Watching that video was traumatic for me. As I watched I felt like I too was being brutalized by that officer. Then I was further traumatized when after reading articles about the incident I read the comments underneath the articles. I know the comments section is the cesspool of the internet, but I was still shocked by how many people came to those articles and tried to justify the very actions by Officer Casebolt that I saw as completely unjustifiable. I felt like each comment compounded the trauma I had already experienced from watching the video. I think a part of me expected that surely most everyone who saw the same video that I saw would immediately see how out of line this officer was. Even if you’re someone who normally sympathizes with police officers there’s no way that a rational, feeling, human being could see a child abused in that way and take up for the abuser. Then the reality hit me of how irrational and inhumane the type of racism one has to harbor to see those images and not sympathize with a child being brutalized by an adult. As painful as it is to swallow, I have to come to terms with the fact that there is a segment of this society that will see black bodies being violated and instead of being horrified will always think the violence is warranted and will even celebrate the abuse. Two of the biggest traumas of the Black American experience are having to constantly plead for your right to exist and the incessant pursuit of the validation of your humanity.  With every incident that comes to light there are people who ask the question “Will this incident be the turning point in the fight against police brutality?” Or they may ask “Will this be the incident that finally makes people (i.e. white people) realize that what we’ve been saying all along about how we are treated is true?” Yet no incident ever seems to be the one that unilaterally turns white society in our favor.  Having it hit home that no matter how much we plead and no matter how we behave, there are some who will never see Black people as fully human is a deeply saddening and eye opening experience. I realized this a long time ago, I just hate that those children had to see that at such a young age. But sadly those children need to know that living in a society that does not view them as human is extremely dangerous and they have to be constantly vigilant and aware of that fact to survive, literally.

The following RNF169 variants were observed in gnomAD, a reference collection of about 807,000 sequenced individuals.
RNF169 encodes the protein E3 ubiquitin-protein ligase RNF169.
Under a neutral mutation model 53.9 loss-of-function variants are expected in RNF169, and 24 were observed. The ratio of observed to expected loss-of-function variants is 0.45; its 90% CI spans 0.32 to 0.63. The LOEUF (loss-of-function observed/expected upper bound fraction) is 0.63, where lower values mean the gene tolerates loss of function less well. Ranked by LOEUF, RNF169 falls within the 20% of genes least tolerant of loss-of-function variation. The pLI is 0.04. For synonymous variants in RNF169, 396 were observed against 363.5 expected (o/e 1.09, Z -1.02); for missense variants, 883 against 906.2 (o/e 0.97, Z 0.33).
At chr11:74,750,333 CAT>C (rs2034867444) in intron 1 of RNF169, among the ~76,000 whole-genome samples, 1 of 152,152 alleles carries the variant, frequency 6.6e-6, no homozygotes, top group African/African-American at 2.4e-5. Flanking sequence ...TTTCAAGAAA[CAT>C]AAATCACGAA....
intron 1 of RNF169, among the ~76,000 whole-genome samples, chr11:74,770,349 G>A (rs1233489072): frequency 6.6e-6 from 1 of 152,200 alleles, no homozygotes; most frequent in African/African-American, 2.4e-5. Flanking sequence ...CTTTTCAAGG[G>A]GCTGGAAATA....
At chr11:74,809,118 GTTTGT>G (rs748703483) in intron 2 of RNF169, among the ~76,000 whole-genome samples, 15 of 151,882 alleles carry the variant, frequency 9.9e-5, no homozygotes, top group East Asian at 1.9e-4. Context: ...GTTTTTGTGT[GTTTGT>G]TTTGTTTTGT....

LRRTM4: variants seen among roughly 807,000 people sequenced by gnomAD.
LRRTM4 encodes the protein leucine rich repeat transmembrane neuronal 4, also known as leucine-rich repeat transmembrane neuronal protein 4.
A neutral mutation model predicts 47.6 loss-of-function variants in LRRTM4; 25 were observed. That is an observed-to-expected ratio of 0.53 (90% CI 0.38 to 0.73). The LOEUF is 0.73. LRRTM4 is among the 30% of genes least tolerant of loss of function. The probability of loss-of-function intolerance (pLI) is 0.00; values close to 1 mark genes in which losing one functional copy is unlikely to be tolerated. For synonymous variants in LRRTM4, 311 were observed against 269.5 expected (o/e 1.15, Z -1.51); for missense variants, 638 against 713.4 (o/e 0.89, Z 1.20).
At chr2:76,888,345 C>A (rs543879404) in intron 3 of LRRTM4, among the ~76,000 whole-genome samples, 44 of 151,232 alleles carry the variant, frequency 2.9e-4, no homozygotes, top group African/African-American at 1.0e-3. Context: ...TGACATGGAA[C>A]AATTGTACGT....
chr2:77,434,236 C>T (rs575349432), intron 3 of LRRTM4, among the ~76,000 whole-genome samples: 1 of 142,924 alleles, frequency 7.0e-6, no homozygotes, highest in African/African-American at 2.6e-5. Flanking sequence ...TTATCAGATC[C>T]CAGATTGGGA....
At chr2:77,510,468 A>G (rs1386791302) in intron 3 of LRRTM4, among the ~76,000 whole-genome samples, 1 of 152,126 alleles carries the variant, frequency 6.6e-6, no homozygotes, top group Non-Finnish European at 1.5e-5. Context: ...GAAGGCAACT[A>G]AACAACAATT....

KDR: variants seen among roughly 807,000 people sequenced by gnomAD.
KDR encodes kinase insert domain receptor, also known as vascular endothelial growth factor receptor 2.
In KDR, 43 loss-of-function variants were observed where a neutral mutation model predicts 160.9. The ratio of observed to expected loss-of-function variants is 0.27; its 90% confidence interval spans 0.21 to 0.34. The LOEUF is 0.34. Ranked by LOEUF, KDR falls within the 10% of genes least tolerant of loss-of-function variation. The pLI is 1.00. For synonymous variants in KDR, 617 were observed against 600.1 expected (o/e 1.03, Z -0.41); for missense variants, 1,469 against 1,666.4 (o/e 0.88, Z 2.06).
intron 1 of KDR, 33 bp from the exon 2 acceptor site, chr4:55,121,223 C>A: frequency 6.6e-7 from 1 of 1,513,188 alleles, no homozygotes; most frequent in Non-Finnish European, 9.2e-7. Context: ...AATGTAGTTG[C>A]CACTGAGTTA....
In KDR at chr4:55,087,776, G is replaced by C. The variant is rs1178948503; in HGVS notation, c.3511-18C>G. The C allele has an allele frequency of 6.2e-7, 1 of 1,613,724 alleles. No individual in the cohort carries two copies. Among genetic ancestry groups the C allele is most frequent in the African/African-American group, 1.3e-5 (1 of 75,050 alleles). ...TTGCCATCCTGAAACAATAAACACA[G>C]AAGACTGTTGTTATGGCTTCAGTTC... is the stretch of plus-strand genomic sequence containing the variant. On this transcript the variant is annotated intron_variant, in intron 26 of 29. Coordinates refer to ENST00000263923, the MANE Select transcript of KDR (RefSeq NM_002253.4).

This incident, like the many others we’ve seen before it, further drove home the fact that Black people have to love ourselves and love our people unconditionally because waiting on white society to love us and treat us as fully human is a form of psychological torture that we shouldn’t have to endure.  When I say unconditionally I mean we have to also love the black people that so many black people who “make it” try to disown. If we don’t love them who will? This society is designed to keep a certain segment of the population in bondage, whether it’s the literal physical bondage of incarceration or the bondage of poverty. We can’t turn our backs on those of us who haven’t been as privileged to escape from all the traps designed to keep as many of us as possible in bondage.

We have to love ourselves and each other hard because just dealing with the daily traumas and dangers of being Black in America is enough to warrant therapy. I know other cultures have their own struggles, and I don’t mean to dismiss any of them, but to quote my friend, it truly is hard being Black in America.